Fighting Fire With Faith And Hope

Susan Page
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Wednesday - October 31, 2007
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As our little ghosts, goblins, witches and Harry Potters fan out into the neighborhoods threatening “tricks” if no treats this Halloween, the wildfire victims of Southern California are left to ponder why the devastating flames “tricked” some and “treated” others. Fire, like Halloween’s scariest film characters, is an indiscriminate killer. So why one house sits untouched while all around it are destroyed seems a mystery.

But for two friends of mine, Kallie and Charmain Coertzen, no strangers to adversity and natural disasters, it’s no mystery. They thank God for being spared from the fire that surrounded them last week.

The Coertzens, founders of El Shaddai Orphanage in Piggs Peak, Swaziland, Africa, are people of deep faith. They followed “God’s call” to start taking in AIDS orphans when all they had were two small Winnebagos, an old jeep and “300 acres of virgin territory” at the top of a mountain in the No. 1 AIDS-infected country in the world. Today, they have dorms for more than 30 boys and girls, a school that teaches and feeds hot meals to 190 children daily (provided in part by Heart for Africa), a small menagerie of farm animals, some crops and a few volunteers.


Oh, and a dream. Kallie believes a dairy farm would provide El Shaddai a permanent food source plus an income to help alleviate the never-ending needs poverty and disease manifest. That dream brought the Coertzens - two young children, Carl and Naomi, in tow - to Escondido, Calif., in beautiful San Pasqual Valley east of San Diego. Don and Marie Verger welcomed the Coertzens to their well-known 5,000-cow Verger Dairy Farm so they could observe and learn about the dairy farming business firsthand.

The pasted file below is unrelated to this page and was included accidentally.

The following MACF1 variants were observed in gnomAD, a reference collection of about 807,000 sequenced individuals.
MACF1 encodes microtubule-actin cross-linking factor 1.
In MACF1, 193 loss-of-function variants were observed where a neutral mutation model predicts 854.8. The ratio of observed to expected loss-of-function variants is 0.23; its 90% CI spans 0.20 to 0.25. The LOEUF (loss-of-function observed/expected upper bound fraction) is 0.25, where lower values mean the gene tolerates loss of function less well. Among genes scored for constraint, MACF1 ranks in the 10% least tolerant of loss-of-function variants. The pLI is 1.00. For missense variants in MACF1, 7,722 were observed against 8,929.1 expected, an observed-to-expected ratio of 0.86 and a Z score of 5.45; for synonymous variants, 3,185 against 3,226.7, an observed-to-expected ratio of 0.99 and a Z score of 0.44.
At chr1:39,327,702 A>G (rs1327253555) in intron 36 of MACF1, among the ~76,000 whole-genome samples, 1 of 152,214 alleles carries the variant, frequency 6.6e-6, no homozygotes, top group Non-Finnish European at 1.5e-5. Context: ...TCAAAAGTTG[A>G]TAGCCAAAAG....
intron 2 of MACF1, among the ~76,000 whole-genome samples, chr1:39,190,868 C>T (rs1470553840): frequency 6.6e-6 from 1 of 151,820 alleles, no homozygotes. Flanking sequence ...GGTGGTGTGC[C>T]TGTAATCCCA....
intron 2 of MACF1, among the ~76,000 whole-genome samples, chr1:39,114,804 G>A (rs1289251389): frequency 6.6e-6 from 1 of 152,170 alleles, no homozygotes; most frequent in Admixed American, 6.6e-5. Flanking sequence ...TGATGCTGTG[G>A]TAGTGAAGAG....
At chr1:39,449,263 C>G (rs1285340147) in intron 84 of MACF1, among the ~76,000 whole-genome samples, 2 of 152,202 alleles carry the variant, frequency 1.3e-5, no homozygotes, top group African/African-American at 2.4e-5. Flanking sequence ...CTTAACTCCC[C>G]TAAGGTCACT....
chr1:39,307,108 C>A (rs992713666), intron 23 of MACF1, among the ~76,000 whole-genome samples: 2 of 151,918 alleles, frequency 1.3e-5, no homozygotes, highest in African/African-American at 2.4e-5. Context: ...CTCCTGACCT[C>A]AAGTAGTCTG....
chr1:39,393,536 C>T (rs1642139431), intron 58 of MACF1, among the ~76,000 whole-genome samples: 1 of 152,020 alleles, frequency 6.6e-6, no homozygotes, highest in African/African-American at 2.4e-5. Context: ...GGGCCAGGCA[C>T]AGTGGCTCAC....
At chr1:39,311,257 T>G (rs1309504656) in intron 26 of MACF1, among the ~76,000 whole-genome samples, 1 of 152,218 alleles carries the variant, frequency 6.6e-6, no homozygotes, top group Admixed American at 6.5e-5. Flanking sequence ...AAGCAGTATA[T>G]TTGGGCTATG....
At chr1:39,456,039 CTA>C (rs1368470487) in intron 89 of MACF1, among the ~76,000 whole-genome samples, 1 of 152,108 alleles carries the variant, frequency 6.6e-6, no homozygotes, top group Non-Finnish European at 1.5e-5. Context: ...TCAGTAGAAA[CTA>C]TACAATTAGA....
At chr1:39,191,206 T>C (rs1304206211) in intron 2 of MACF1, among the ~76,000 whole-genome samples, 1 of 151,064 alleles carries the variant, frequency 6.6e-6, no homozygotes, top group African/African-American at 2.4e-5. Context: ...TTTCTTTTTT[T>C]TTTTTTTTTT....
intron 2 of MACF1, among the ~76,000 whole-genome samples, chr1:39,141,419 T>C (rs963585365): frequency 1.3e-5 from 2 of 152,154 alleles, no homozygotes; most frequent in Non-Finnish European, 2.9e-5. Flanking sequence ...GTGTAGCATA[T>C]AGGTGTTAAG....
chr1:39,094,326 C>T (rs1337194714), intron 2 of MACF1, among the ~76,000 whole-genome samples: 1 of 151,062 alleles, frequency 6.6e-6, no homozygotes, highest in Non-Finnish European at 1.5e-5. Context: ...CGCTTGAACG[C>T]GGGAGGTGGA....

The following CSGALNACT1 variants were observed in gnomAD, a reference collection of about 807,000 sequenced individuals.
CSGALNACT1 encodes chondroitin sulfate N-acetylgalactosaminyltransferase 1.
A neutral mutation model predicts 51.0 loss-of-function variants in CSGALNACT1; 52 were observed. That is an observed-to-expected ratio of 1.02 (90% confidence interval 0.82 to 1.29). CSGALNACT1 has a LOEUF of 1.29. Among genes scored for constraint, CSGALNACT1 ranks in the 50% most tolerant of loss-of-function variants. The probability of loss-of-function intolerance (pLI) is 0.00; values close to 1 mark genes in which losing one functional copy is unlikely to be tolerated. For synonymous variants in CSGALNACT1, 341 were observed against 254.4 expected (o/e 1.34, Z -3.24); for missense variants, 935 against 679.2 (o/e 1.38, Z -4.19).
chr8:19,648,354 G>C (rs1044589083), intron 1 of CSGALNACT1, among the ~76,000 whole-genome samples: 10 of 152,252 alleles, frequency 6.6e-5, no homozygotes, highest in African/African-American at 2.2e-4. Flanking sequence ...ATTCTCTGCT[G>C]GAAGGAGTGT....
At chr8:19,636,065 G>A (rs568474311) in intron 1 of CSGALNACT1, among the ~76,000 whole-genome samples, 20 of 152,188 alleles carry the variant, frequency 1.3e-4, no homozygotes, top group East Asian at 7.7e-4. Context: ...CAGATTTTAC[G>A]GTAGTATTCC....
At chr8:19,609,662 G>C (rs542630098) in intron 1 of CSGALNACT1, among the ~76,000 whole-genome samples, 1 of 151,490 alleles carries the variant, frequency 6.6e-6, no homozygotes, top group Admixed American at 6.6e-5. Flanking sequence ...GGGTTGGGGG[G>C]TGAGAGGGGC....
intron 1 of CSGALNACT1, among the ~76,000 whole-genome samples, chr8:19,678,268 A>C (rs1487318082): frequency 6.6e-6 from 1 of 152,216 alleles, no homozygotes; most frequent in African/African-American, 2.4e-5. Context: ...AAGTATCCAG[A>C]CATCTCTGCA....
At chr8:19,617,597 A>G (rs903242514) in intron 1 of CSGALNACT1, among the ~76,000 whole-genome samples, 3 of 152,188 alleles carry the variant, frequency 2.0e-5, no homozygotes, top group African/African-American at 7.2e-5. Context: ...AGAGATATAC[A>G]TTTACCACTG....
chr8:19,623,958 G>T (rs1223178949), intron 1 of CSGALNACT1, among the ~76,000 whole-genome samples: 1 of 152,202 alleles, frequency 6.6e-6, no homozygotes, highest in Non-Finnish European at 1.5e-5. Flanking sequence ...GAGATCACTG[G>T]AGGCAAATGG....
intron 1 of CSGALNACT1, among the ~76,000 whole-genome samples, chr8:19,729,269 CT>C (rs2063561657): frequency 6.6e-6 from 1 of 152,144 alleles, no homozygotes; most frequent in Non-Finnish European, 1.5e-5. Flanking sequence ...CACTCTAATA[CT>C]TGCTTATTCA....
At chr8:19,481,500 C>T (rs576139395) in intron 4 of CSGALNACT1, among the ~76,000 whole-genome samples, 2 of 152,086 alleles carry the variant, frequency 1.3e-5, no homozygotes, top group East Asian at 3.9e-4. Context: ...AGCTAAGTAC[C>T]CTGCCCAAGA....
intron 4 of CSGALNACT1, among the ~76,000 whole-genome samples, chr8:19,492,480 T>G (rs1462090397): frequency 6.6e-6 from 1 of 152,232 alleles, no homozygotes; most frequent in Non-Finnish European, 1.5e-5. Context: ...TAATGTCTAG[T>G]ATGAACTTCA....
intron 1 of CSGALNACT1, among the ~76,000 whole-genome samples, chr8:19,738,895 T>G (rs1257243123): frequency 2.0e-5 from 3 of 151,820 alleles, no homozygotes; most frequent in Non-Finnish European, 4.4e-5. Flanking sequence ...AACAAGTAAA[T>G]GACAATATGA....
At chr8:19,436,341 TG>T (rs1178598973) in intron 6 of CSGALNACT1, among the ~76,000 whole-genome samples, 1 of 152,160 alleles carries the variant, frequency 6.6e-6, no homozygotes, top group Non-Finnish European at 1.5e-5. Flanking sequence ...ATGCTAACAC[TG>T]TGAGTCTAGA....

It turns out the farm was smack in the furious path of the California fires.

I had volunteered at El Shaddai with several others in 2006 and just last July visited the Coertzens in Swaziland again. I knew they were to be in Southern California, and even hoped they’d visit Hawaii and share their inspiring story with local church and civic groups. But, as television pictures of the fires stunned us all, that they might be in harm’s way never occurred to me until this e-mail from friend Janine Maxwell:

“Today Caroline (McGraw, the Coertzens’San Diego host, also evacuated from her home) called to say that they were going to work their way around the back to take hot food to the Vergers and Coertzens as their electrical lines are down and they can’t cook. Caroline also said they couldn’t take the main highways because the roads have melted!

“Charmain said all the houses in the valley where the Verger ranch is are gone. They have burned to the ground and are simply gone. The Vergers’is the only house left standing. Charmain and Marie ran to their barn (filled with thousands of bails of hay) and let the horses out just before the flames engulfed it. The barn, the feeding troughs, everything else is gone except for their house.”


Despite the fact that Don Verger and Kallie had hosed down the house, the flames came too close for safety. Complete engulfment was imminent, so the two families got in the car and drove to the middle of a field.

Maxwell’s e-mail continued, “Charmain said, ‘The flames rose up and made terrible sounds. I yelled ‘Praise Jesus’ at the top of my lungs. The flames stopped dead within six feet of the house.’”

Was this just the capriciousness of wind-driven fires? Some scientific phenomenon? A trick? A treat? Or a miracle?

Everyday life’s a struggle at El Shaddai Orphanage, but the Coertzens’ faith never waivers. There is always good news to compensate for the challenges. After his last surgery, Kallie’s recurring melanoma cancer seems to be gone. In July 2006, Heart for Africa volunteers, including 10 from Oahu, helped build a girls’ dorm at El Shaddai; a week later it was destroyed in a freak “dry hurricane.” Within weeks the dorm was rebuilt by volunteers, including Hawaii’s Janet and Jere Scott. El Shaddai is growing. Children are being saved from AIDS, malnutrition and neglect.

Now that the Coertzens have had their “trial by fire” in California, the dairy is bound to happen.

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